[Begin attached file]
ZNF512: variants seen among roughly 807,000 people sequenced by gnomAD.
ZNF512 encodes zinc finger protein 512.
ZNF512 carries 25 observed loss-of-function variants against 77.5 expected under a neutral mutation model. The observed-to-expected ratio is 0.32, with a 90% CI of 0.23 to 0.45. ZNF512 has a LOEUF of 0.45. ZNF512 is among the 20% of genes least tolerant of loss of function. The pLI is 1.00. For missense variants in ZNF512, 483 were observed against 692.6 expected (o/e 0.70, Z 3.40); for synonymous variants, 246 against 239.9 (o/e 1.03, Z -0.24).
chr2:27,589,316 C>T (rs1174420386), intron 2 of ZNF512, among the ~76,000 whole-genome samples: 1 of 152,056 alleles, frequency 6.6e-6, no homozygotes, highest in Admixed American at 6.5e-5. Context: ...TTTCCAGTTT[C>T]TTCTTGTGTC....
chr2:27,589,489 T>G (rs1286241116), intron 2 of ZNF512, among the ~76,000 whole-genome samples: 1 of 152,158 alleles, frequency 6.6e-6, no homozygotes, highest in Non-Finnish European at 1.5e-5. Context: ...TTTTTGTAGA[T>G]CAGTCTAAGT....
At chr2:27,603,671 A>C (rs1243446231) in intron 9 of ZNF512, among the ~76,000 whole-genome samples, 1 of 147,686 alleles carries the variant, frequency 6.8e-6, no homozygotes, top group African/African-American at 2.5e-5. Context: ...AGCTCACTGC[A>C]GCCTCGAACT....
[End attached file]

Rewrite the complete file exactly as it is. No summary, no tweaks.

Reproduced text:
ZNF512: variants seen among roughly 807,000 people sequenced by gnomAD.
ZNF512 encodes zinc finger protein 512.
ZNF512 carries 25 observed loss-of-function variants against 77.5 expected under a neutral mutation model. The observed-to-expected ratio is 0.32, with a 90% CI of 0.23 to 0.45. ZNF512 has a LOEUF of 0.45. ZNF512 is among the 20% of genes least tolerant of loss of function. The pLI is 1.00. For missense variants in ZNF512, 483 were observed against 692.6 expected (o/e 0.70, Z 3.40); for synonymous variants, 246 against 239.9 (o/e 1.03, Z -0.24).
chr2:27,589,316 C>T (rs1174420386), intron 2 of ZNF512, among the ~76,000 whole-genome samples: 1 of 152,056 alleles, frequency 6.6e-6, no homozygotes, highest in Admixed American at 6.5e-5. Context: ...TTTCCAGTTT[C>T]TTCTTGTGTC....
chr2:27,589,489 T>G (rs1286241116), intron 2 of ZNF512, among the ~76,000 whole-genome samples: 1 of 152,158 alleles, frequency 6.6e-6, no homozygotes, highest in Non-Finnish European at 1.5e-5. Context: ...TTTTTGTAGA[T>G]CAGTCTAAGT....
At chr2:27,603,671 A>C (rs1243446231) in intron 9 of ZNF512, among the ~76,000 whole-genome samples, 1 of 147,686 alleles carries the variant, frequency 6.8e-6, no homozygotes, top group African/African-American at 2.5e-5. Context: ...AGCTCACTGC[A>C]GCCTCGAACT....